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The La Pointe-Krebs Museum is a historic, one-room structure originally built in 1757, a date confirmed by a professor of geography and geology at University of Southern Mississippi, who analyzed the age of the timbers. This determination makes the structure the oldest building in Mississippi; it is also the only French colonial structure in the state left standing. As of late 2016, the structure is undergoing extensive renovation. However, the site can be visited during the hours listed below. It is also known as the "Old Spanish Fort" because for a time it was the fortified home of a Spanish officer during the late 18th century, when Spain controlled the territory. The building and surrounding property were never a fort in the traditional sense.

The La Pointe-Krebs Museum

The La Pointe-Krebs Museum
The building was constructed by French naval officer Joseph Simon de la Pointe, who served under French Territorial Governor, Jean-Baptiste Le Moyne. His daughter married German immigrant Hugo E. Krebs, who operated a plantation on the property, growing rice and cotton cultivated by slaves. Interestingly, Krebs used a roller cotton gin, one that predated the successful one invented by Eli Whitney twenty years later. The Spanish officer who lived in the building, Don Enrique Ginarest, married the granddaughter of de la Pointe. The building remained in the Krebs family until 1914. The Jackson County Historical Society owned the building for at least fifty years beginning in 1950. Today, the LaPointe Krebs Foundation owns the property.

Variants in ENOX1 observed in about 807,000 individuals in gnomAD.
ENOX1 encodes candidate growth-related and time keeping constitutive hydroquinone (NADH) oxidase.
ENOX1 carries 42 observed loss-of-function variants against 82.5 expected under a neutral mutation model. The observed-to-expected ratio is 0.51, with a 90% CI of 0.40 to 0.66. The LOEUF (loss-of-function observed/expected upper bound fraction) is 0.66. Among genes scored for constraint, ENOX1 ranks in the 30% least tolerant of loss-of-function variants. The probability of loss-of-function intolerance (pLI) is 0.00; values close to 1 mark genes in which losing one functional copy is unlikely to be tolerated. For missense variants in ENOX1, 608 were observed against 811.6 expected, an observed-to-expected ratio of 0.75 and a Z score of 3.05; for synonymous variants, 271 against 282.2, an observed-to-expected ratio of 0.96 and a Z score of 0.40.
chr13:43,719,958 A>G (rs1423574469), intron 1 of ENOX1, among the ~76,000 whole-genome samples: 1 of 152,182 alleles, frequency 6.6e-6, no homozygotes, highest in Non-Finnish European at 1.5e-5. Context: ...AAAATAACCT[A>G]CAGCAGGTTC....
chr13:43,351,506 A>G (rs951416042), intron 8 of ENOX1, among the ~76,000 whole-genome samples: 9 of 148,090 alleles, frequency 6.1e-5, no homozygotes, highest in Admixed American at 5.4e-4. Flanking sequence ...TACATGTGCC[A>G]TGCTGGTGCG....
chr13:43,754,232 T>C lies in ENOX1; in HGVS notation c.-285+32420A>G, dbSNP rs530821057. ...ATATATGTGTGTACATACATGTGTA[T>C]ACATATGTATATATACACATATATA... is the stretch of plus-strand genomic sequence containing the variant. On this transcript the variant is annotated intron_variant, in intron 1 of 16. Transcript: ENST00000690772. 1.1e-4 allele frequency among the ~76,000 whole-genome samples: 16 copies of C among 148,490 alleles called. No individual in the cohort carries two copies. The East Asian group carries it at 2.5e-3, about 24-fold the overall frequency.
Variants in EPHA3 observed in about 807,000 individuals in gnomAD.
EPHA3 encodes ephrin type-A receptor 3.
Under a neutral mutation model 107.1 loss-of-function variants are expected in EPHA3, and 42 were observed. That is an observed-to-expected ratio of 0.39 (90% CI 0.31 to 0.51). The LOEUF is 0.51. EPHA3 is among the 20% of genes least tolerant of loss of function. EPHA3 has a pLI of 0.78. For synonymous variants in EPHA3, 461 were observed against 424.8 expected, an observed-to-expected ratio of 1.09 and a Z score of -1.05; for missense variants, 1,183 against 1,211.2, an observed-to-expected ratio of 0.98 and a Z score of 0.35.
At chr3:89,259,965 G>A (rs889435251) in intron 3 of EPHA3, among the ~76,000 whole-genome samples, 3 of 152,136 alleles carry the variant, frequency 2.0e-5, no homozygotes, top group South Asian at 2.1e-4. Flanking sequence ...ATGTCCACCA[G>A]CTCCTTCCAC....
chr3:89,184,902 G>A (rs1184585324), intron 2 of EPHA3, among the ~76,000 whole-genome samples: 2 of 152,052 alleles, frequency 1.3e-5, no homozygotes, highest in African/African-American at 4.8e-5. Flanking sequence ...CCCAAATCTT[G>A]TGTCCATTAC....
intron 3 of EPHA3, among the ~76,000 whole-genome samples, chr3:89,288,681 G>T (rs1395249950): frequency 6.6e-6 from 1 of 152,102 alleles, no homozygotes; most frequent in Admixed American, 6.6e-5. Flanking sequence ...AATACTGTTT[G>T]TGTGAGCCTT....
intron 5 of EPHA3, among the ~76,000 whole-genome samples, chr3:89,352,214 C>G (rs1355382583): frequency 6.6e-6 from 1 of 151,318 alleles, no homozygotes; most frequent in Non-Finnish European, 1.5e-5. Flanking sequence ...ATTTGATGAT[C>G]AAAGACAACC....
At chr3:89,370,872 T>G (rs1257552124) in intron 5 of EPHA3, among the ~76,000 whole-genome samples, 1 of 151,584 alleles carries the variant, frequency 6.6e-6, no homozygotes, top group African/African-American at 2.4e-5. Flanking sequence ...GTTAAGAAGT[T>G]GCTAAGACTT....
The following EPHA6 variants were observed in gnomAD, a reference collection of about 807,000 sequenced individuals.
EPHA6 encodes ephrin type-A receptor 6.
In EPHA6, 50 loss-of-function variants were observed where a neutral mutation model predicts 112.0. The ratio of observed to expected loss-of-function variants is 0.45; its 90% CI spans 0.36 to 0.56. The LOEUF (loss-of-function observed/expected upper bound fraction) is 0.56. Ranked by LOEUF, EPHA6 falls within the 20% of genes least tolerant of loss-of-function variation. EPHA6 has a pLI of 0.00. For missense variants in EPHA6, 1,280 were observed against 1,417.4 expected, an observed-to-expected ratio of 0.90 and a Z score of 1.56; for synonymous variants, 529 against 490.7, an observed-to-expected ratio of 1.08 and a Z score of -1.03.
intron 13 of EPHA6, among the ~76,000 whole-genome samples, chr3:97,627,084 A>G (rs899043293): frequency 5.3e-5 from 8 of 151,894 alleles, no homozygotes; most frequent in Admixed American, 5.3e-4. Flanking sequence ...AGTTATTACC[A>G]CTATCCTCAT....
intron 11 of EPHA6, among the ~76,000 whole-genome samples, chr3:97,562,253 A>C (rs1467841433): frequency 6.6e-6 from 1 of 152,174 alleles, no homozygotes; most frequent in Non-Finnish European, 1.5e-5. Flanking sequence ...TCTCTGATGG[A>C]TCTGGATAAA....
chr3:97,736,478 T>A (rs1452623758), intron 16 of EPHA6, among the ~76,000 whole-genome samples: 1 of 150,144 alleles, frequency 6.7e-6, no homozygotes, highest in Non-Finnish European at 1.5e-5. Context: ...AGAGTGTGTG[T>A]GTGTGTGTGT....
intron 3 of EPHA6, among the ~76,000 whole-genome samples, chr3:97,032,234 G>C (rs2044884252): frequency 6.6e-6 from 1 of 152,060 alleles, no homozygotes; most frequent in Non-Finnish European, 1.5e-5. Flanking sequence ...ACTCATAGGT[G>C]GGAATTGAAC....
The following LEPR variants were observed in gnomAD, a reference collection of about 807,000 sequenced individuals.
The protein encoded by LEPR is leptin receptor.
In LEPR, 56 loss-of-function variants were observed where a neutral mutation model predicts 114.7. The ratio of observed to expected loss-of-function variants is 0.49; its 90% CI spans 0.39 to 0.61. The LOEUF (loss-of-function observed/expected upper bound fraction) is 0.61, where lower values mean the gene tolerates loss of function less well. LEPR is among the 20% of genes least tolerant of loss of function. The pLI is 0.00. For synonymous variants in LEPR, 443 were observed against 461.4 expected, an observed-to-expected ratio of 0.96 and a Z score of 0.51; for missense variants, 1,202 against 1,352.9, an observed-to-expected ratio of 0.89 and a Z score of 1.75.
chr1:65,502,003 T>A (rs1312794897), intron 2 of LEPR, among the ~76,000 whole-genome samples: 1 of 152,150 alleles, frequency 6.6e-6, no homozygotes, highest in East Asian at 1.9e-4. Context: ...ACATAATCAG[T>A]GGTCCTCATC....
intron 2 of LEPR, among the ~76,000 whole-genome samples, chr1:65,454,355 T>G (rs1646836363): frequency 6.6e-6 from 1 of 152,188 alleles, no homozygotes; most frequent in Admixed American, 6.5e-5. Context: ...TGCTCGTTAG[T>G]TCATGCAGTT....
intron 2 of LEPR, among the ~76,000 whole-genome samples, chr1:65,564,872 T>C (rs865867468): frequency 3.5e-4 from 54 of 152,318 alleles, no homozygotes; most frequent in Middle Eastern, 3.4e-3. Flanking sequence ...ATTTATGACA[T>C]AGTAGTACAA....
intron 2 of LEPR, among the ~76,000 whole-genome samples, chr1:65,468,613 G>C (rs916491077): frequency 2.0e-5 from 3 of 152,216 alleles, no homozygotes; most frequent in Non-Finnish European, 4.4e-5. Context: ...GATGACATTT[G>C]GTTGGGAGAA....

Maddox, Dawn. "Old Spanish Fort (Old French Fort)." National Park Service - National Register of Historic Places. September 3, 1971. 

Magandy, Kate. "La Pointe-Krebs House in Pascagoula may be oldest in Deep South." Sun Herald. May 31, 2016.

Photo: Wikimedia